1. Why should I buy internally glazed windows and not externally glazed?
Most companies and installers favour internally beaded systems simply because the glazing beads are on the inside of the property, where as an externally glazed window the glazing beads are on the outside. Having an internally glazed window eliminates the possibility of an intruder forcing the beads to gain entry. From a health and saftey point of view an internally glazed window is far superior as the glazing is done from the inside, not from a ladder or scaffold. (Top)
2. I live in an old style terrace house with box sashes that need replacing. Shall I 'fit into box' or remove the whole box?
Every installation is unique and the majority of cases we would recommend the complete removal of the box. However, on some instances if the original box is 'sound' and cost is a factor then installing within the existing box sash should be acceptable. (Top)
3. What is the best option for safety glass - toughened or laminated?
Both toughened and laminated glass are forms of safety glass but vary in amounts of cost and performance. People assume toughened glass is some kind of extra strong glass but we like to think of it as 'break safely glass'. Yes, toughened glass is quite difficult to break but not impossible. When it does break it will break into very small sections, which should eliminate scracthes or minor cuts and will not pose the dangers created by large shards when standard float glass breaks. Toughened glass is the most widely used and comes in thickness of 4mm. Laminated glass is the more expensive option and at 6.4mm it's also thicker and offer's better insulation values. However, this thickness also means a heavier product, which in turn increase's the 'wear and tear' on your opening windows and doors. (Top)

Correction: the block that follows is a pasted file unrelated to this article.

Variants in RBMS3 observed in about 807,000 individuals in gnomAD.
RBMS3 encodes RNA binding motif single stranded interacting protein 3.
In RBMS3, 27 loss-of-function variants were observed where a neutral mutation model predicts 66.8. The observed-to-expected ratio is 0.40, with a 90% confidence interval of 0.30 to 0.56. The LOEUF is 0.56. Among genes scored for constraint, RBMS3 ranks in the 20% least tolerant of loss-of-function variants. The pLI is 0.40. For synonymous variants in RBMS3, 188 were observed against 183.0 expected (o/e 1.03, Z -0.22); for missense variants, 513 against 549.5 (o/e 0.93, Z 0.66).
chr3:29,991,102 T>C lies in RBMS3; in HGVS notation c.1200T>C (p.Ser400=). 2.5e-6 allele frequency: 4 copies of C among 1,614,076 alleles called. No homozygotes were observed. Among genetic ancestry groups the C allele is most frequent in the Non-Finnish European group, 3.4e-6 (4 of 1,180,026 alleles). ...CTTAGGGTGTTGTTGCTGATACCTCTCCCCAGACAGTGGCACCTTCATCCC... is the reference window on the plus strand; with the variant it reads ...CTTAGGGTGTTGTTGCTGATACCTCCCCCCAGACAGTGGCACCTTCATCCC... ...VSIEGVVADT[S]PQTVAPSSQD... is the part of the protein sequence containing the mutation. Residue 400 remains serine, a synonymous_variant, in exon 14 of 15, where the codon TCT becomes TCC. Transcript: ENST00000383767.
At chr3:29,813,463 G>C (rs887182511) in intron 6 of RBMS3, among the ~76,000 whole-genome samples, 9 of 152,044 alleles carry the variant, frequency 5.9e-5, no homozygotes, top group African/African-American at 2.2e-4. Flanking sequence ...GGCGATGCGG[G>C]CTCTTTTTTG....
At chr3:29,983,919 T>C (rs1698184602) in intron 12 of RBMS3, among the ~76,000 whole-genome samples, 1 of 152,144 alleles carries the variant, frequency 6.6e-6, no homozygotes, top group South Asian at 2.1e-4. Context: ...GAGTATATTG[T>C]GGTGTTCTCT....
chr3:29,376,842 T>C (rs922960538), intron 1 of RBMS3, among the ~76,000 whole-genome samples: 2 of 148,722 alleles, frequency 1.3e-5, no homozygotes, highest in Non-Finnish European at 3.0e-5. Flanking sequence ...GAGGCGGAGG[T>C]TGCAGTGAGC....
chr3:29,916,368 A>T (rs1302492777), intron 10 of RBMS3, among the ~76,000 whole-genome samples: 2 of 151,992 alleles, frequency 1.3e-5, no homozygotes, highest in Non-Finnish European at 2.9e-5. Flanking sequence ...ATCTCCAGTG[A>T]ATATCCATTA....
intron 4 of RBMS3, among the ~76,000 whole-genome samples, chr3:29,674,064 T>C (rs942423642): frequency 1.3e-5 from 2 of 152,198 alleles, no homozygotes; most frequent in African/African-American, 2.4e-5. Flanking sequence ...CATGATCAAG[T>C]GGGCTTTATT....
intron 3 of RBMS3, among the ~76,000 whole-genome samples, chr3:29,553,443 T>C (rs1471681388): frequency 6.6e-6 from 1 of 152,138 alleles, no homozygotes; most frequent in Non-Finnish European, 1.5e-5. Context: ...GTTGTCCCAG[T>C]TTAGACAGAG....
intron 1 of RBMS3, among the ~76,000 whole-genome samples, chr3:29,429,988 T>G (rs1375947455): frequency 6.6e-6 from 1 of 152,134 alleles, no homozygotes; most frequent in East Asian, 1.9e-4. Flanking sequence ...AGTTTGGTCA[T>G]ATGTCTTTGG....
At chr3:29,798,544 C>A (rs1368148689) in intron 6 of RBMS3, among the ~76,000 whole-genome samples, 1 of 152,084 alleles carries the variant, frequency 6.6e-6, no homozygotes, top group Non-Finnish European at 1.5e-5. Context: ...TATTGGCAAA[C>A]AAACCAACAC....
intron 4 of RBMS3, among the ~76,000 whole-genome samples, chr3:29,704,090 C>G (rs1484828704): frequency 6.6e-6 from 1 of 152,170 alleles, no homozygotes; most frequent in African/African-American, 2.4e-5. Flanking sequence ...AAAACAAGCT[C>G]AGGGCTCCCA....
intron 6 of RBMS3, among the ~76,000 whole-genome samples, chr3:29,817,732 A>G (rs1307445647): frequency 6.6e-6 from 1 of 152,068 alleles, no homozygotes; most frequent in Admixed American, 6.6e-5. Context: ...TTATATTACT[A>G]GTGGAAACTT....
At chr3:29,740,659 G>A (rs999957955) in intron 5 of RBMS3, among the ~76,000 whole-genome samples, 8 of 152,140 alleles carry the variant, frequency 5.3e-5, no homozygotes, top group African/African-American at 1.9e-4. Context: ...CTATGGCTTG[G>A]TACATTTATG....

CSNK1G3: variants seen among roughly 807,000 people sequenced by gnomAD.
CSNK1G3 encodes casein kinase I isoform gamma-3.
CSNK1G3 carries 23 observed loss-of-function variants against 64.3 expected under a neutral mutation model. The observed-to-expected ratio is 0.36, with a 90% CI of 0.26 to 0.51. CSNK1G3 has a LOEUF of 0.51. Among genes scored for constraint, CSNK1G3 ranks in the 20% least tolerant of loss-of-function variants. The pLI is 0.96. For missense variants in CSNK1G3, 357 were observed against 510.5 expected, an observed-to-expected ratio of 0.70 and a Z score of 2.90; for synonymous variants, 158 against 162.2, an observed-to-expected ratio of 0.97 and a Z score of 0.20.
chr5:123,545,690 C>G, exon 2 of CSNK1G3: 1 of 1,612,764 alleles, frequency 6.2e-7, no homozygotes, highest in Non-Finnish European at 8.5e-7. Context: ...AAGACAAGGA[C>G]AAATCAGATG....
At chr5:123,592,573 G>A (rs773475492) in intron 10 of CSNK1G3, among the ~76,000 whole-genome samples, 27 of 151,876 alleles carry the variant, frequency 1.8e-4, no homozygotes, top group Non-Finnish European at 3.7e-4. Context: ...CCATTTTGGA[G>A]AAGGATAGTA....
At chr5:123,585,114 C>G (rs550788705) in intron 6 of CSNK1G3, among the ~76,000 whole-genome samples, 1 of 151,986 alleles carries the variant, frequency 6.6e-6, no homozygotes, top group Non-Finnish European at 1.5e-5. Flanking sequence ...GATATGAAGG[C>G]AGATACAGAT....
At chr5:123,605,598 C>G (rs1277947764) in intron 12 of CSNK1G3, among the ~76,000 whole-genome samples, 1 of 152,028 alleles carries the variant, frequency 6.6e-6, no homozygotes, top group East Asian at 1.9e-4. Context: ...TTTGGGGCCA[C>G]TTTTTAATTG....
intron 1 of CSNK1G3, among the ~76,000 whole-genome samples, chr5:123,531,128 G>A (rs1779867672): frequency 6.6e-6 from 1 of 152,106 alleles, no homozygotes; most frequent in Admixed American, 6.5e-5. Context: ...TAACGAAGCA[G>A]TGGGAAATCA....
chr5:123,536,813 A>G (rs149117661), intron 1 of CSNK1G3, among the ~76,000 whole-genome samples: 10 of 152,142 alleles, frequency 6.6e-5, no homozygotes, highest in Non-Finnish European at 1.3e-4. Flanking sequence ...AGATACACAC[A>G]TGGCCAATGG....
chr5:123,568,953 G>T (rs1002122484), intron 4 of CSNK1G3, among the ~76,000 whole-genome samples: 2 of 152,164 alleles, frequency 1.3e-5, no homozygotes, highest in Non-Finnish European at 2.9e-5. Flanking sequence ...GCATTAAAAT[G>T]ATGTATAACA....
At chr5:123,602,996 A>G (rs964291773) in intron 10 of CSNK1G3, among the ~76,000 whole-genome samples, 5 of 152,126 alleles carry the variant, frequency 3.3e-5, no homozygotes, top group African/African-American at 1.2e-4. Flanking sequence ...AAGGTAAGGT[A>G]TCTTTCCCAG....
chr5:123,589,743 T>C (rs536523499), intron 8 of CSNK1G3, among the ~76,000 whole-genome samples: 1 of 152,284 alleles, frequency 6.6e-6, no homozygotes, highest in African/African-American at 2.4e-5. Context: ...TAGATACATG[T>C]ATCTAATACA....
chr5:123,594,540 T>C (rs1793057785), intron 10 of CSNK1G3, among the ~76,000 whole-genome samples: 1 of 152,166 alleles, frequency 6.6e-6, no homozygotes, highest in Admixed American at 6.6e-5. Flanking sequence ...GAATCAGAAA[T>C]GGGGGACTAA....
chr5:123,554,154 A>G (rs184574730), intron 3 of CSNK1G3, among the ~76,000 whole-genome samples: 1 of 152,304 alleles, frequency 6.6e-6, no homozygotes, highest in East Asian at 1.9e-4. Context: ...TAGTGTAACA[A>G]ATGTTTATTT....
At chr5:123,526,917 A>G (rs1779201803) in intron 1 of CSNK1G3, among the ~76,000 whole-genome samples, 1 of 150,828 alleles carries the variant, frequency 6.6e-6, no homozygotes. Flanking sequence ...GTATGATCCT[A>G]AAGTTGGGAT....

4. Am I required by law to fit toughened or safety glass?
Yes. Toughened or laminated has to be installed in all doors or windows that are directly next to a door. Any glazing or part of that glazing, which is between the finished floor level and a height of 800mm above the floor level requires safety glass. (Top)
5. Tell me about Argon gas.
Argon gas improves the u value of a window or door and combined with low-e is an excellent addition in terms of thermal insulation. At OnTime Windows we can supply Argon gas glass units as an optional extra. (Top)
6. What is low e glass?
Low e stands for low emissivity. The double glazed unit has one of its inside faces lined with a special coating that lets heat and sunlight filter through but reflects any heat trying to escape back into the room. The benefits of low e glazing are: reduced heat loss and eliminates cold spots. Low e glass is available in normal float, toughened and laminated glass. (Top)
7. Are my new frames maintenance free?
Whilst pvcu frames are virtually maintenance free it should be noted that the hinges and mechanical parts such as locks will need regular lubrication. The frames will also benefit from an occasional 'wipe down'. Special pvcu frame cleaners are available from our trade counter. We do provide a "How to Care For Your Frames" guide.(Top)
8. Will I need Planning Permission?
In England and Wales you will not usually require planning permission, provided you do not exceed the permitted development limit for your property (which is usually 50-70 cubic metres, depending on where you live). Notable exceptions to the above are listed buildings and conservation areas. Please note that if your property has been extended in the past you will have used up some or perhaps all of your 'permitted development' area and may need permission. It's also worth noting that occasionally 'permitted development' rights may be withdrawn from a property and any extension however small needs planning. If in doubt, check with your local authority. (Top)
9. Do I need Building Regulations for installing doors and windows?
Yes. If you are installing yourself or not using a FENSA or CERTASS registered contractor then you will need to arrange building regulation approval yourself. We would recommend you contact your local building authority before any work has been carried out. A breakdown of the costs must be shown. Check with your local council for charges for installations. (Top)
10. What is FENSA?
Fensa stands for the fenestration self-assessment scheme. It has been set up by the Glass and Glazing Federation (GGF), and other industry bodies with government approval, in response to new building regulations. For more information visit www.fensa.co.uk. (Top)